Wednesday, October 17, 2012

Bread & Butter Jalapeno Peppers

It’s a long-standing tradition in my family to “put up” a few dozen jars of bread and butter pickles every August. When the Michigan pickle crop comes in we go to work washing and slicing, boiling and filling jars, and stocking up for the year ahead. But this pickle season came and went before I could get my pickling on. I was still in a cast and recovering from surgery and there were a couple of consecutive weeks of brutally high temperatures. Next thing I knew, we were into September.

While the bread and butter pickles are a joy to make and eat, by the time I was ready to start canning I couldn’t find the kind of pickles I like to use. So I took a look at what was in full harvest and saw bushels and bushels of jalapeno peppers. Not only were they abundant, inexpensive and beautiful, but I thought their heat would mate well with the sweet and tangy brine of the bread and butter pickle recipe. A little research revealed that a lot have made a sweet pickled variation of the jalapeno. I already had a good brine recipe, so why not try it? 

For a little extra color, texture and flavor, I included some red bell peppers and onions. The bread and butter pickle recipe calls for green bell peppers and onions, so I figured help with the consistency of flavors. I chose to put these in pint and half-pint jars, but now I’m sorry I didn’t make up a few quart jars! These are wonderful on hot dogs, sausages, burgers, grilled cheese sandwiches, ham sandwiches, or thrown into potato salad or a meatloaf. It brings a wonderful sweet heat to the party!

Bread & Butter Pickled Jalapeno Peppers

8 lbs jalapeno peppers – washed and sliced crosswise
4 large red bell peppers – washed and chopped
4 large white or yellow onions – chopped
1 ½ cups pickling salt
7 lb bag of ice

I recommend that you wear gloves when cutting up the jalapenos. Slice the washed jalapeno peppers into rings about a half inch wide. You have the option of “knocking out” the center of the rings, which contain the seeds and some of the membranes. This is where much of the heat comes from. If you want them to be milder, push the center out of the rings with your thumb. I did this to about half of them.  When the jalapenos are sliced, chop your red peppers and onions. Evenly divide the vegetables into three large bowls. Salt each batch with one half cup of pickling salt and then put one third of the bag of ice over each batch. Push some of the ice cubes into the vegetables and let batches sit for at least an hour.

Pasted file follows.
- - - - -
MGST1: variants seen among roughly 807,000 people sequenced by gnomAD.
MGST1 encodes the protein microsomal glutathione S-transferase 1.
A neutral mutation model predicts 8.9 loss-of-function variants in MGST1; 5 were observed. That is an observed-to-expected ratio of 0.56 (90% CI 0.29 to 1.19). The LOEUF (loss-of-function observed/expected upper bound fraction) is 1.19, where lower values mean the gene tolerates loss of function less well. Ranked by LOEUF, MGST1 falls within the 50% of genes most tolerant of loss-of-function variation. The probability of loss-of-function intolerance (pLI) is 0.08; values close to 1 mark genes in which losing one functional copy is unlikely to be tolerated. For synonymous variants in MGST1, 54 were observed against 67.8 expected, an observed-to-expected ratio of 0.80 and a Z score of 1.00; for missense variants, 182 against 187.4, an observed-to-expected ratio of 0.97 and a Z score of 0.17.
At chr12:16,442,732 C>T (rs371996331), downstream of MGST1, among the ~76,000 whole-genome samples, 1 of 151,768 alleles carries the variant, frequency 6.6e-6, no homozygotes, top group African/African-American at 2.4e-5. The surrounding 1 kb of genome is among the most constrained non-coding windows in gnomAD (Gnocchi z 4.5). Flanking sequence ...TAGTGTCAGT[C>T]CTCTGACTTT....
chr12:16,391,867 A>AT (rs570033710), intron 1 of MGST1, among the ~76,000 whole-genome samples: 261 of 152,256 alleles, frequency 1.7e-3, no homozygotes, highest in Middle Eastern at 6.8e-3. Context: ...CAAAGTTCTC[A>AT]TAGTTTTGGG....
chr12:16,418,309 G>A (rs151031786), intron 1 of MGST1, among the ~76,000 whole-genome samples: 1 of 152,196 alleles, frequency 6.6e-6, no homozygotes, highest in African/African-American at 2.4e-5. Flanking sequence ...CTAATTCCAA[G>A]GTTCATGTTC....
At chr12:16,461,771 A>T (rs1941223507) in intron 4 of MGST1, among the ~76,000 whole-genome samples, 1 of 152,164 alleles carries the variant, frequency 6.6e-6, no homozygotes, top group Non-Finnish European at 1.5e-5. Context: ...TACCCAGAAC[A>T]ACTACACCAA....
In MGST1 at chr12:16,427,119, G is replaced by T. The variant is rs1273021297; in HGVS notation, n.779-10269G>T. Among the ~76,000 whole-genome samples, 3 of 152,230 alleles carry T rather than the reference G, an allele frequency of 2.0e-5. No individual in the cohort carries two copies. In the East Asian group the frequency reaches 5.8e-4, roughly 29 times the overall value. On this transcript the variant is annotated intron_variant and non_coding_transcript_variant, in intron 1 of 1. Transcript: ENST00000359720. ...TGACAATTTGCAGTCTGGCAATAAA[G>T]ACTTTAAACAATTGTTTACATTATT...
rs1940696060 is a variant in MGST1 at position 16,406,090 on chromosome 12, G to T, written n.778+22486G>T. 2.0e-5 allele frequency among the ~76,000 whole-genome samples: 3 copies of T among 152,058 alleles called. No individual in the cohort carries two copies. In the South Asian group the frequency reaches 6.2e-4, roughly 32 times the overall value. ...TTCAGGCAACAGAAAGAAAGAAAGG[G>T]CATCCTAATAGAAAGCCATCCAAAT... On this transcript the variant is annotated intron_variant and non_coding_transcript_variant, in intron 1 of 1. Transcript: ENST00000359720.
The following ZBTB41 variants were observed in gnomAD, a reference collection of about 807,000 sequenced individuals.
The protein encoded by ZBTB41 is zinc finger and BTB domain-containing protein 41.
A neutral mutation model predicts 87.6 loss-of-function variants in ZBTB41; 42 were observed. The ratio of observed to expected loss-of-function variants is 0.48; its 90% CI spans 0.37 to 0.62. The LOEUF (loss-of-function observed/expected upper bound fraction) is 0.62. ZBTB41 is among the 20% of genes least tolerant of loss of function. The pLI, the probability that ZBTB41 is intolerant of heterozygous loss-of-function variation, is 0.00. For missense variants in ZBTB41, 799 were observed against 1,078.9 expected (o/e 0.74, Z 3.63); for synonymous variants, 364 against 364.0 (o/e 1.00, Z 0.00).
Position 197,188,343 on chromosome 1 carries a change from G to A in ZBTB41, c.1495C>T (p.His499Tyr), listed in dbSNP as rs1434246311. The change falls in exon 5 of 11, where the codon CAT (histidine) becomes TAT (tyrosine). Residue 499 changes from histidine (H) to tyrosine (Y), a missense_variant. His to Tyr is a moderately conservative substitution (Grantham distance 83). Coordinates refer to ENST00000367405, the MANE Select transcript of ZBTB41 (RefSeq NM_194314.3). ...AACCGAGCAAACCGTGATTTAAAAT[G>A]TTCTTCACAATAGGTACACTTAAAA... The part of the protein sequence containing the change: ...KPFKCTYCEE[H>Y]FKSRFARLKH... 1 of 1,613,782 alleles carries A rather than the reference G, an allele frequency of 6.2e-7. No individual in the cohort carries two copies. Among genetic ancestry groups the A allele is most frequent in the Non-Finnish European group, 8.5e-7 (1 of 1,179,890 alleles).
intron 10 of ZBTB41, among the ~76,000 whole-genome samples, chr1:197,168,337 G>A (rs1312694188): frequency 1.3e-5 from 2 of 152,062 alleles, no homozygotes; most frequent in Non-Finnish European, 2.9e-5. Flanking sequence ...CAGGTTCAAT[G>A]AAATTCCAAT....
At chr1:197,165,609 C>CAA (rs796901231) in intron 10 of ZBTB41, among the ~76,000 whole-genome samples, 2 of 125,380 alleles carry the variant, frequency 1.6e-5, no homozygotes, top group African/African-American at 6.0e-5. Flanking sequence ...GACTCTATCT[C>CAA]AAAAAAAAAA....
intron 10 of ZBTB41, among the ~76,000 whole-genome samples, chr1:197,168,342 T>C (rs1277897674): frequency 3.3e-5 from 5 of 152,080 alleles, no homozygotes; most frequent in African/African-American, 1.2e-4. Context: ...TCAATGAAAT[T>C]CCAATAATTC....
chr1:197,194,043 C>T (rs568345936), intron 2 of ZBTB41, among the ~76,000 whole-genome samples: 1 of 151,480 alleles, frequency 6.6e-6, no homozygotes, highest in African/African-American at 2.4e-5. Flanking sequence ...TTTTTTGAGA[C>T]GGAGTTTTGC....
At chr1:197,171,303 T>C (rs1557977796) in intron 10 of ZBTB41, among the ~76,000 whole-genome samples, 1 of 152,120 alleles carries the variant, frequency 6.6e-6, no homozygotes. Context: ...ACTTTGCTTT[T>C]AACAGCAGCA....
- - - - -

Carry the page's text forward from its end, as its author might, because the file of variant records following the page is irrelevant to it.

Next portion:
In the meantime, wash and sterilize your jars, rings and lids. I used pints and half pints, but you can use whatever size you like. After my jars are washed and sterilized, I like to keep them in a 250 degree oven until I am ready to fill them. Now you can make your brine.

I needed to make two separate batches of the brine for the amount of vegetables I had to preserve.

5 cups vinegar (either white or apple cider – make sure it is 5% acidity)
4 cups white sugar
1 cup brown sugar
1 ½ tsp turmeric
1 tsp celery seed
1 ½ TBSP mustard seed
½ tsp ground cloves

Put all contents in a large pot and slowly bring up to almost a boil. Stir to make sure all the sugar is completely dissolved.

Remove vegetables from their ice bath using a slotted spoon and put in large colander. Give them a good rinse – you want to flush away any access salt or loose seeds. Add half of your vegetables (one and a half batches) to your first pot of brine. Stir vegetables gently and increase heat so brine JUST COMES TO A BOIL and then remove pot from heat. 

Fill your hot jars with vegetables and brine, leaving a half inch of head space at the top. You will need a canning funnel. After jars are filled, use something non-metal (I use the handle of a plastic spoon) to work any air bubbles out of the jars. Then wipe the top rim of each jar with a clean damp cloth to remove any brine that may have splashed on it. Place the lid on each jar and secure with a band – hand tighten. Jars are now ready to be processed in a water bath.

Lower jars into your canner and process for 10 minutes in boiling water. Jars should be covered by at least an inch or two of water. After 10 minutes, remove jars and set in a safe place where they can rest and cool. A vacuum will be created and each lid should seal as the jars cool. After the jars have cooled completely, move jars to a cool and dark place. Let them alone for two weeks before opening so that the full flavors can develop.

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